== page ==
18. Hoffmann MR (1996): Possible chemical Transformations in Snow and Ice Induced by Solar (UV Photons) and Cosmic Irradiation (Muons). In: Chemical Exchange between the Atmosphere and Polar Snow, NATO ASI Series I, 43, 353–377Google Scholar
  19. Holoubek I, Klán P, Ansorgová A, Del Favero D (2000): Photochemistry of PBT Compounds in Ice — New Potential Source of Ice Contamination? Organohalogen Compounds 46, 228–231Google Scholar
  20. Ichimura T, Mori Y (1973): Photolysis of Monochlorobenzene in Gas Phase. J Chem Phys 58, 288–292CrossRefGoogle Scholar
  21. Juang L-Ch, Tseng D-H, Lee J-F (1998): Photolytic Mechanism of Monochlorobenzene in an Aqueous UV7H2O2 System. Chemosphere 36, 1187–1199 and references thereinCrossRefGoogle Scholar
  22. Klán P, Ansorgová A, Del Favero D, Holoubek I (2000): Photochemistry of Chlorobenzene in Ice. Tetrahedron Lett 41, 7785–7789CrossRefGoogle Scholar
  23. Klán P, Janosek J, Kriz Z (2000): Photochemistry of Valerophenone in Solid Solutions. J Photochem Photobiol A, Chemistry 134, 37–44CrossRefGoogle Scholar
  24. Kojima M, Sakuragi H, Tokumaru K (1981): Photolysis of Chlorobenzene — Phenylation of Chlorobenzene with Anomalous Orientation. Chem Lett 1539–1540Google Scholar
  25. Mackay D, Shiu WY (1981): A Critical Review of Henry’s Law Constants for Chemicals of Environmental Interest. J Phys Chem Ref Data 10, 1175–1199CrossRefGoogle Scholar
  26. Mackay D, Shiu WY, Ma KC (1992): Illustrated Handbook of Physical Chemical Properties and Environmental Fate for Organic Chemicals. Vol I, Lewis Publishers/CRC Press, Boca Raton, FLGoogle Scholar
  27. Matsuura T, Omura K (1966): Photo-induced Reactions. III The Synthesis of Biphenyls from Aromatic Bromo-Compounds. Bull Chem Soc Jpn 39, 944–947CrossRefGoogle Scholar
  28. Nagaoka S, Takemura T, Baba H (1985): Nucleophilic Photoreaction of Chlorobenzene in Methanol as Studied by Emission Spectroscopy. Bull Chem Soc Jpn 58, 2082–2087CrossRefGoogle Scholar
  29. Nakada M, Miura C, Nishiyama H, Higashi F, Mori T, Hirota M, Ishii T (1989): Photoreactions of Polyhalonenzenes in Benzene - Formation of Terphenyls. Bull Chem Soc Jpn 62, 3122–3126CrossRefGoogle Scholar
  30. Paasivirta J; Knuutila M, Paukku R (1985): Study of Organochlorine Pollutants in Snow at North Pole and Comparison to the Snow at North, Central and South Finland. Chemosphere 14, 1741–1748CrossRefGoogle Scholar
  31. Park H-R, Yang I-J, Kim M-S (1998): Photolysis of Chlorobenzene in Aqueous Solution. Bull Korean Chem Soc 19, 1265–1268Google Scholar
  32. Perovich DK, Govoni JW (1991): Absorption Coefficients of Ice from 250 to 400 nm. Geophys Res Lett 18, 1233–1235CrossRefGoogle Scholar
  33. Petrenko VF, Whitworth RW (1999): Physics of Ice. Oxford University Press, OxfordGoogle Scholar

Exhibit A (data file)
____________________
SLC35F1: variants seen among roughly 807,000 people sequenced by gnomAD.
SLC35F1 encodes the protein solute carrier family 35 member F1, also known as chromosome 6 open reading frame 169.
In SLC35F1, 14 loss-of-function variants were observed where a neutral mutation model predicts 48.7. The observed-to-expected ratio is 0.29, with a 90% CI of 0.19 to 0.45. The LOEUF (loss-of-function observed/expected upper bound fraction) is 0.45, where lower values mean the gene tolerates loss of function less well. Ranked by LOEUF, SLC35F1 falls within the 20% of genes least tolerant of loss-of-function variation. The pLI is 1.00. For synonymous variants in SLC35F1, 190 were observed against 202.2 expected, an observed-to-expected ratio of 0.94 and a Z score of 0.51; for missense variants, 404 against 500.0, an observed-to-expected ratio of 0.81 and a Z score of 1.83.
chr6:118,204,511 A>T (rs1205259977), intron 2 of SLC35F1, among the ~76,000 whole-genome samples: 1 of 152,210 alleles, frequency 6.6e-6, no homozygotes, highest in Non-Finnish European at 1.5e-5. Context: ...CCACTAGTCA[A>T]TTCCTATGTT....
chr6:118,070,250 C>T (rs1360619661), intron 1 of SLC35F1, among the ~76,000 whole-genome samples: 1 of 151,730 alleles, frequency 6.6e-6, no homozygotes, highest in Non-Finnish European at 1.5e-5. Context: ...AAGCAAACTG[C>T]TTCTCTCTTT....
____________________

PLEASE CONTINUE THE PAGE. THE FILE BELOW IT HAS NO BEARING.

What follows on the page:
34. Sax NI (1968): Dangerous Properties of Industrial Materials. 3rd ed, pp 149–151, Van-Nostrand-Reinhold, New YorkGoogle Scholar
  35. Soumillion JP, DeWolf B (1981): A Link between Photoreduction and Photosubstitution of Chloroaromatic Compounds. J Chem Soc, Chem Commun 436–437Google Scholar
  36. Scheringer M, Wegmann F, Fenner K, Hungerbühler K (2000): Investigation of the Cold Condensation of Persistent Organic Pollutants with a Global Multimedia Fate Model. Environ Sci Technol 34, 1842–1850CrossRefGoogle Scholar
  37. Tissot A, Boule P, Lemaire J (1983): Photochemistry and Environment 5. Photohydrolysis of Monochlorobenzene in Dilute Aqueous Solution. Chemosphere 12, 859–872CrossRefGoogle Scholar
  38. Tissot A, Boule P, Lemaire J (1984): Photochemistry and Environment 7. Photohydrolysis of Chlorobenzene — Studies of the Excited State Involved. Chemosphere 13, 381–389CrossRefGoogle Scholar
  39. Uyeta M, Taue S, Chikasawa K, Mazaki M (1976): Photoformation of Polychlorinated Biphenyls from Chlrinated Benzenes. Nature 264, 583–584CrossRefGoogle Scholar
  40. Wania F (1999): On the Origin of Elevated Levels of Persistent Chemicals in the Environment. ESPR — Environ Sci Pollut Res 6, 11–19CrossRefGoogle Scholar
  41. Wania F, Hoff JT, Jia CQ, Mackay D (1998): The Effects of Snow and Ice on the Environmental Behaviour of Hydrophobie Organic Chemicals. Environ Pollut 102, 25–41CrossRefGoogle Scholar
  42. Wania F, Mackay D (1993): Global Fractionation and Cold Condensation of Low Volatility Organochlorine Compounds in Polear Regions. Ambio 22, 10–18Google Scholar
  43. Weiss RG, Ramamurthy V, Hammond GS (1993): Photochemistry in Organized Media: A Model. Acc Chem Res 26, 530–536CrossRefGoogle Scholar

Copyright information

© Ecomed Publishers 2001

Authors and Affiliations

  • Petr Klán
    • 1
  • David Del Favero
    • 2
  • Alena Ansorgová
    • 2
  • Jana Klánová
    • 2
  • Ivan Holoubek
    • 2
  1. 1.Department of Organic Chemistry, Faculty of ScienceMasaryk UniversityBrnoCzech Republic
  2. 2.RECETOX-TOCOEN & AssociatesBrnoCzech Republic

Personalised recommendations